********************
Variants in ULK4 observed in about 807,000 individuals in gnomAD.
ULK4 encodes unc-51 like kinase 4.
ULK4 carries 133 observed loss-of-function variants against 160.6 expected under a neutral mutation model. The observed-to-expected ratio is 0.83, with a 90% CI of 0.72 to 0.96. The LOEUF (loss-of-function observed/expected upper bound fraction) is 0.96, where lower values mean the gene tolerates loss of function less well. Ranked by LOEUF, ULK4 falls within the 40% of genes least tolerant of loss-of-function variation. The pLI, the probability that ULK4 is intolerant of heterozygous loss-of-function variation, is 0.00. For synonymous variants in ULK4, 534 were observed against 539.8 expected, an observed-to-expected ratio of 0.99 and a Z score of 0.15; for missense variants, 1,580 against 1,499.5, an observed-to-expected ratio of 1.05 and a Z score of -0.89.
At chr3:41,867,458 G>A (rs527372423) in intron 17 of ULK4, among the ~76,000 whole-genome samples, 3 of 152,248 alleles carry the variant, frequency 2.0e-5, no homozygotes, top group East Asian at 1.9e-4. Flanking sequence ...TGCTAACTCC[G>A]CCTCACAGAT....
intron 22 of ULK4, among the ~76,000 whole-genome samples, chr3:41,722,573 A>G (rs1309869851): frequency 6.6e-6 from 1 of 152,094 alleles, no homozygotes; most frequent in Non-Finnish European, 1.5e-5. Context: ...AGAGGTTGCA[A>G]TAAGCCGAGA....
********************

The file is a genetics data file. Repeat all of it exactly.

Variants in ULK4 observed in about 807,000 individuals in gnomAD.
ULK4 encodes unc-51 like kinase 4.
ULK4 carries 133 observed loss-of-function variants against 160.6 expected under a neutral mutation model. The observed-to-expected ratio is 0.83, with a 90% CI of 0.72 to 0.96. The LOEUF (loss-of-function observed/expected upper bound fraction) is 0.96, where lower values mean the gene tolerates loss of function less well. Ranked by LOEUF, ULK4 falls within the 40% of genes least tolerant of loss-of-function variation. The pLI, the probability that ULK4 is intolerant of heterozygous loss-of-function variation, is 0.00. For synonymous variants in ULK4, 534 were observed against 539.8 expected, an observed-to-expected ratio of 0.99 and a Z score of 0.15; for missense variants, 1,580 against 1,499.5, an observed-to-expected ratio of 1.05 and a Z score of -0.89.
At chr3:41,867,458 G>A (rs527372423) in intron 17 of ULK4, among the ~76,000 whole-genome samples, 3 of 152,248 alleles carry the variant, frequency 2.0e-5, no homozygotes, top group East Asian at 1.9e-4. Flanking sequence ...TGCTAACTCC[G>A]CCTCACAGAT....
intron 22 of ULK4, among the ~76,000 whole-genome samples, chr3:41,722,573 A>G (rs1309869851): frequency 6.6e-6 from 1 of 152,094 alleles, no homozygotes; most frequent in Non-Finnish European, 1.5e-5. Context: ...AGAGGTTGCA[A>G]TAAGCCGAGA....